The safest pair of hands in video games

There are always little symbols to look out for that can help you figure out if a game’s going to be worthwhile. Once upon a time it might have been Nintendo’s seal of quality, or maybe the logo of your favourite developer – back in the day it was Treasure’s magic box, perhaps, or more recently the glimmering P of Platinum Games. In recent years, there’s another logo I’ve always kept an eye out for, a symbol that’s a guarantee of quality, and a certain little spark. Quite often, though, you have to look really hard for it.

Sumo Digital isn’t the most widely known developer out there, though that’s mostly by design. Since it was founded in 2003, the Sheffield studio has quietly built a strong reputation. It caught my attention with 2004’s OutRun 2 port on Xbox, won my heart with OutRun 2006: Coast 2 Coast and by the time Sonic & All-Stars Racing Transformed was released in 2012 – the best Mario Kart game, until Mario Kart 8 came along at least – I was well and truly in love. You may well have played a Sumo Digital game before without realising it. I’m fairly sure you’ll have enjoyed it, too.

“It’s one of those things,” says COO Paul Porter. “We’ve always done things under the radar, because it’s other people’s IP. The story’s not about Sumo, the story’s about the game, the publisher and the IP owner. We’ve always kept quiet in the background.” Some of Sumo’s work is even a surprise to me, a self-confessed fan of the studio – it was only upon meeting up with Sumo at last December’s PlayStation Experience that I realised it was responsible for Colorado, one of the new Hitman’s episodes, and there’s plenty more unheralded work besides.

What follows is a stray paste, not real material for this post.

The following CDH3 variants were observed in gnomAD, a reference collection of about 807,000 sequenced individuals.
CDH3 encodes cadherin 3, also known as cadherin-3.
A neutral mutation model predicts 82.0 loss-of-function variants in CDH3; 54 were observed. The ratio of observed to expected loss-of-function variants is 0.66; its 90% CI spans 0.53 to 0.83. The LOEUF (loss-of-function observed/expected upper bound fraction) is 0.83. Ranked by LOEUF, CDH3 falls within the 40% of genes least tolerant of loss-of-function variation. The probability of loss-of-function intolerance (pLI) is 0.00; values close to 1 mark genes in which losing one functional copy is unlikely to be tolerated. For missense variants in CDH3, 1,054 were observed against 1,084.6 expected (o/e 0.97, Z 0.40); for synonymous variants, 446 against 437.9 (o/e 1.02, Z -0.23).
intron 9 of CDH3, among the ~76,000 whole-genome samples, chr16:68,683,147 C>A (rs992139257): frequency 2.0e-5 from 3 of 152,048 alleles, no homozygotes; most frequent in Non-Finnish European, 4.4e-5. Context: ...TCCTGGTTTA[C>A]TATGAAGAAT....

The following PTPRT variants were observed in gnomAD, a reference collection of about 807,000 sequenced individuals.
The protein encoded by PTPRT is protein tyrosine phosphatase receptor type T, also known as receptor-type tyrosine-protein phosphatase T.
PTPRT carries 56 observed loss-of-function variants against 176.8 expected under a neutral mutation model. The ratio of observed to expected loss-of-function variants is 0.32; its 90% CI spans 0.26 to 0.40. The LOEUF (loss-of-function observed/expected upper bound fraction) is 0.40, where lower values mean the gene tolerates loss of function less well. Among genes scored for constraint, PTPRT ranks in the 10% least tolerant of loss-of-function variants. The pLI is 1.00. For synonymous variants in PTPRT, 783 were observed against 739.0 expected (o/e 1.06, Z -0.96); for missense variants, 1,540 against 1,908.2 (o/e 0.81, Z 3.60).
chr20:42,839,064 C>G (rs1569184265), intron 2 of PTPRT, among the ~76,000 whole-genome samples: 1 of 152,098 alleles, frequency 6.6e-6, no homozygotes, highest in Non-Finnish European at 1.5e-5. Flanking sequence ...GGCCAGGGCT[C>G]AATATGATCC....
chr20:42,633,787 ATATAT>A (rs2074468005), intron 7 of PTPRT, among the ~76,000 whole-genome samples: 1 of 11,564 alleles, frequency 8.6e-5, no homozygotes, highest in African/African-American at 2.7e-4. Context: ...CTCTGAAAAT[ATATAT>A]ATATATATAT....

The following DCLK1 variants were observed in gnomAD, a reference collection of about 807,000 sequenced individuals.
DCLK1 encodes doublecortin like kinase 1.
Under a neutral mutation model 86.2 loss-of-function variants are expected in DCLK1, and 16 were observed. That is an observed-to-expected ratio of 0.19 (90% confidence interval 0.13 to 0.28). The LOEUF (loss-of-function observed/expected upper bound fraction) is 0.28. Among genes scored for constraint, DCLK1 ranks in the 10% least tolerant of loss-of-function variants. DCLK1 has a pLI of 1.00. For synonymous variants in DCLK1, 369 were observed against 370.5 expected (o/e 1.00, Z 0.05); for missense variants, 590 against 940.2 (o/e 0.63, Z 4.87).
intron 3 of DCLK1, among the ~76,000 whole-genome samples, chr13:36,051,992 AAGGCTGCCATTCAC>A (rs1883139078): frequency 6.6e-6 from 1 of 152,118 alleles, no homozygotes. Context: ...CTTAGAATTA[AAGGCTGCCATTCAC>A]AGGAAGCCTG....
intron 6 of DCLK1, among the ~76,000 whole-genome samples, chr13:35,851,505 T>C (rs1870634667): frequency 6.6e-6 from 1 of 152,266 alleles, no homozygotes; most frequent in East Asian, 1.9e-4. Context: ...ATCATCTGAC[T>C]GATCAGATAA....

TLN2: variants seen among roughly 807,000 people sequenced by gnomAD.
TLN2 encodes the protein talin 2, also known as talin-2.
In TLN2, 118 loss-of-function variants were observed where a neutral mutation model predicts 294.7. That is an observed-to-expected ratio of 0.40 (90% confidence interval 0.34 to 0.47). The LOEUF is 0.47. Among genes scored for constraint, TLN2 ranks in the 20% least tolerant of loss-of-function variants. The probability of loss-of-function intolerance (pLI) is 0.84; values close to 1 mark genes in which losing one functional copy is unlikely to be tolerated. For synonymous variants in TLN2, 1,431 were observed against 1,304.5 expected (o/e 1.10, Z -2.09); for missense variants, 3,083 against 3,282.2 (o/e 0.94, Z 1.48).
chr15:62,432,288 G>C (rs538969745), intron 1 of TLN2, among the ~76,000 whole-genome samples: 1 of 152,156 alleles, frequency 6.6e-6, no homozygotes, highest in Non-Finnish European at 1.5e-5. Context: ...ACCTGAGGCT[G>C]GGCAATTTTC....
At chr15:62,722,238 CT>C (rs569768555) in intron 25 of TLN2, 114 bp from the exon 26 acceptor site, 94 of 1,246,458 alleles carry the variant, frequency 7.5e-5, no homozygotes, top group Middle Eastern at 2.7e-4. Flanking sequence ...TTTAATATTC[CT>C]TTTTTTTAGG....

BioWare’s new IP will arrive by the end of March 2018

The mysterious new BioWare title seems poised for a reveal soon as EA noted that it will be out by the end of Q1 2018.

EA CEO Andrew Wilson described the unannounced title as an “action-adventure title” and “not an RPG” in a financial call today.

We don’t know exactly what that will entail, though a tiny snippet of concept art was revealed in 2014. It depicted a day night cycle over rolling green fields with an outpost to the side of the frame. If one didn’t know any better, it looked like it would fit right in with a Mass Effect title (granted it was teased at the end of a Mass Effect: Andromeda presentation).

Portal designer Kim Swift joins Amy Hennig and Jade Raymond on Visceral’s Star Wars game

Portal lead designer Kim Swift has joined Assassin’s Creed executive producer Jade Raymond’s new EA studio, , as a design director.

Swift and Raymond will be collaborating with another EA studio, Visceral Games (Dead Space, Battlefield: Hardline), on the still unrevealed Star Wars game being directed by Uncharted creator Amy Hennig.

“We’ve devoted much of the past year at Motive to building a team of amazingly talented people to work on our new IP and Star Wars projects. I could not be more excited to welcome an all-star like Kim, who shares our enthusiasm for building exceptional games,” Raymond said in the company’s announcement.

Gabe Newell teases a new single-player IP in the Half-Life universe

Valve founder and one of the , Gabe Newell, confirmed today via a that Valve is working on a new game in the Half-Life / Portal universe.

First off, when asked if Valve was working on “any fully-fledged single-player games”, Newell replied with a simple “yes”. But then things really got interesting.

A user later asked “Any chance of a new IP that takes place in the Half-Life/Portal universe?” and Newell replied with a simple but assured “Yep.”

Former Witcher, Gwent designer Damien Monnier hired by Dying Light dev